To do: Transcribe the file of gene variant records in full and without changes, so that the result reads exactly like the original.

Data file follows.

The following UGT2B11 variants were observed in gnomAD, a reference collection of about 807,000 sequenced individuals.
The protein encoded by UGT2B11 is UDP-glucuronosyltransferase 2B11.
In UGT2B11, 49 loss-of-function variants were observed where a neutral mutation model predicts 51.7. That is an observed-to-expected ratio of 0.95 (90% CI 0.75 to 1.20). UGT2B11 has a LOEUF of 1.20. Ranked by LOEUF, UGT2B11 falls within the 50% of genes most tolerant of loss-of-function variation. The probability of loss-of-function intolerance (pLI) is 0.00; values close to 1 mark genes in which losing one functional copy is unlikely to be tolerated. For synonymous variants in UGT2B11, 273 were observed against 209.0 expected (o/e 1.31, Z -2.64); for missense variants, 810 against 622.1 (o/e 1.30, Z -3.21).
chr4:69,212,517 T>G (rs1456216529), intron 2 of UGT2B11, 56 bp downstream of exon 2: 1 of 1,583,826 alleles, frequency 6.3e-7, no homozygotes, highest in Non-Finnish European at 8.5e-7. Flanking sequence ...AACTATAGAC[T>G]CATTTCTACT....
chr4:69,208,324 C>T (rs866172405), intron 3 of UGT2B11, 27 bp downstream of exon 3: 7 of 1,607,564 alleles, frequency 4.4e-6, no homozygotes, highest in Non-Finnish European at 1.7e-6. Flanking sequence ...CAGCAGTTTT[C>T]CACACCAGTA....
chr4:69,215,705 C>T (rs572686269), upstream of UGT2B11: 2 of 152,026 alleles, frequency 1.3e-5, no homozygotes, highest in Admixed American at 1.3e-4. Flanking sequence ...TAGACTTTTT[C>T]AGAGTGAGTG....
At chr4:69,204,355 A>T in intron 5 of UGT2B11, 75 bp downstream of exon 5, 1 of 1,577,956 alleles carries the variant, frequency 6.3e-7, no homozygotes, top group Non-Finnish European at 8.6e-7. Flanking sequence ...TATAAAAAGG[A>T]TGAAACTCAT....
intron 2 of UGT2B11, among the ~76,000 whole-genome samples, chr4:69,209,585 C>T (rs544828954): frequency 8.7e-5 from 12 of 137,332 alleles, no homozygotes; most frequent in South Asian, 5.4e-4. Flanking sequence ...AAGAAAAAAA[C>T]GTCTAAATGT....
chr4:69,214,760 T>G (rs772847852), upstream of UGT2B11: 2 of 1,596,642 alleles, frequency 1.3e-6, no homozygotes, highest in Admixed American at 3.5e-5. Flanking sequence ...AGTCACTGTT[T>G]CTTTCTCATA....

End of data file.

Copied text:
The following UGT2B11 variants were observed in gnomAD, a reference collection of about 807,000 sequenced individuals.
The protein encoded by UGT2B11 is UDP-glucuronosyltransferase 2B11.
In UGT2B11, 49 loss-of-function variants were observed where a neutral mutation model predicts 51.7. That is an observed-to-expected ratio of 0.95 (90% CI 0.75 to 1.20). UGT2B11 has a LOEUF of 1.20. Ranked by LOEUF, UGT2B11 falls within the 50% of genes most tolerant of loss-of-function variation. The probability of loss-of-function intolerance (pLI) is 0.00; values close to 1 mark genes in which losing one functional copy is unlikely to be tolerated. For synonymous variants in UGT2B11, 273 were observed against 209.0 expected (o/e 1.31, Z -2.64); for missense variants, 810 against 622.1 (o/e 1.30, Z -3.21).
chr4:69,212,517 T>G (rs1456216529), intron 2 of UGT2B11, 56 bp downstream of exon 2: 1 of 1,583,826 alleles, frequency 6.3e-7, no homozygotes, highest in Non-Finnish European at 8.5e-7. Flanking sequence ...AACTATAGAC[T>G]CATTTCTACT....
chr4:69,208,324 C>T (rs866172405), intron 3 of UGT2B11, 27 bp downstream of exon 3: 7 of 1,607,564 alleles, frequency 4.4e-6, no homozygotes, highest in Non-Finnish European at 1.7e-6. Flanking sequence ...CAGCAGTTTT[C>T]CACACCAGTA....
chr4:69,215,705 C>T (rs572686269), upstream of UGT2B11: 2 of 152,026 alleles, frequency 1.3e-5, no homozygotes, highest in Admixed American at 1.3e-4. Flanking sequence ...TAGACTTTTT[C>T]AGAGTGAGTG....
At chr4:69,204,355 A>T in intron 5 of UGT2B11, 75 bp downstream of exon 5, 1 of 1,577,956 alleles carries the variant, frequency 6.3e-7, no homozygotes, top group Non-Finnish European at 8.6e-7. Flanking sequence ...TATAAAAAGG[A>T]TGAAACTCAT....
intron 2 of UGT2B11, among the ~76,000 whole-genome samples, chr4:69,209,585 C>T (rs544828954): frequency 8.7e-5 from 12 of 137,332 alleles, no homozygotes; most frequent in South Asian, 5.4e-4. Flanking sequence ...AAGAAAAAAA[C>T]GTCTAAATGT....
chr4:69,214,760 T>G (rs772847852), upstream of UGT2B11: 2 of 1,596,642 alleles, frequency 1.3e-6, no homozygotes, highest in Admixed American at 3.5e-5. Flanking sequence ...AGTCACTGTT[T>G]CTTTCTCATA....